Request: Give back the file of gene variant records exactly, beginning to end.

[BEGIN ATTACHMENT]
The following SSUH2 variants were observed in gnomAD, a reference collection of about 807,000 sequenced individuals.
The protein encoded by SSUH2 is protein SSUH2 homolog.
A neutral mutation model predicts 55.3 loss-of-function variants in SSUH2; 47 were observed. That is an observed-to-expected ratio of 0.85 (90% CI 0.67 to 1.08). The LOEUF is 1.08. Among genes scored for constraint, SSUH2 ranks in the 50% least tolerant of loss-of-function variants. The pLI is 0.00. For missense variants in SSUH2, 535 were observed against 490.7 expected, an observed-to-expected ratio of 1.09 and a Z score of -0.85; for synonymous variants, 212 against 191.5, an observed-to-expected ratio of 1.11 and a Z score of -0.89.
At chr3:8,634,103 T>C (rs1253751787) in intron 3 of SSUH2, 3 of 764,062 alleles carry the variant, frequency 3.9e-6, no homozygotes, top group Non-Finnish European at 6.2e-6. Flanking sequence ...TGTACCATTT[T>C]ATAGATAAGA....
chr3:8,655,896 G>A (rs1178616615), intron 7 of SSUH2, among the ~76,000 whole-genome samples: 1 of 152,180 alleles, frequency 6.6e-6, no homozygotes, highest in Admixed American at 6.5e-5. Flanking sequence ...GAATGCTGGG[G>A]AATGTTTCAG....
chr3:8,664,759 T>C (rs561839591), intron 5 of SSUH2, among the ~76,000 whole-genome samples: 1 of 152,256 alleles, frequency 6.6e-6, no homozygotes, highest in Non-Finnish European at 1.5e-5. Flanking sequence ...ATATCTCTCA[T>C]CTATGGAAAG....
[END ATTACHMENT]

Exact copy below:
The following SSUH2 variants were observed in gnomAD, a reference collection of about 807,000 sequenced individuals.
The protein encoded by SSUH2 is protein SSUH2 homolog.
A neutral mutation model predicts 55.3 loss-of-function variants in SSUH2; 47 were observed. That is an observed-to-expected ratio of 0.85 (90% CI 0.67 to 1.08). The LOEUF is 1.08. Among genes scored for constraint, SSUH2 ranks in the 50% least tolerant of loss-of-function variants. The pLI is 0.00. For missense variants in SSUH2, 535 were observed against 490.7 expected, an observed-to-expected ratio of 1.09 and a Z score of -0.85; for synonymous variants, 212 against 191.5, an observed-to-expected ratio of 1.11 and a Z score of -0.89.
At chr3:8,634,103 T>C (rs1253751787) in intron 3 of SSUH2, 3 of 764,062 alleles carry the variant, frequency 3.9e-6, no homozygotes, top group Non-Finnish European at 6.2e-6. Flanking sequence ...TGTACCATTT[T>C]ATAGATAAGA....
chr3:8,655,896 G>A (rs1178616615), intron 7 of SSUH2, among the ~76,000 whole-genome samples: 1 of 152,180 alleles, frequency 6.6e-6, no homozygotes, highest in Admixed American at 6.5e-5. Flanking sequence ...GAATGCTGGG[G>A]AATGTTTCAG....
chr3:8,664,759 T>C (rs561839591), intron 5 of SSUH2, among the ~76,000 whole-genome samples: 1 of 152,256 alleles, frequency 6.6e-6, no homozygotes, highest in Non-Finnish European at 1.5e-5. Flanking sequence ...ATATCTCTCA[T>C]CTATGGAAAG....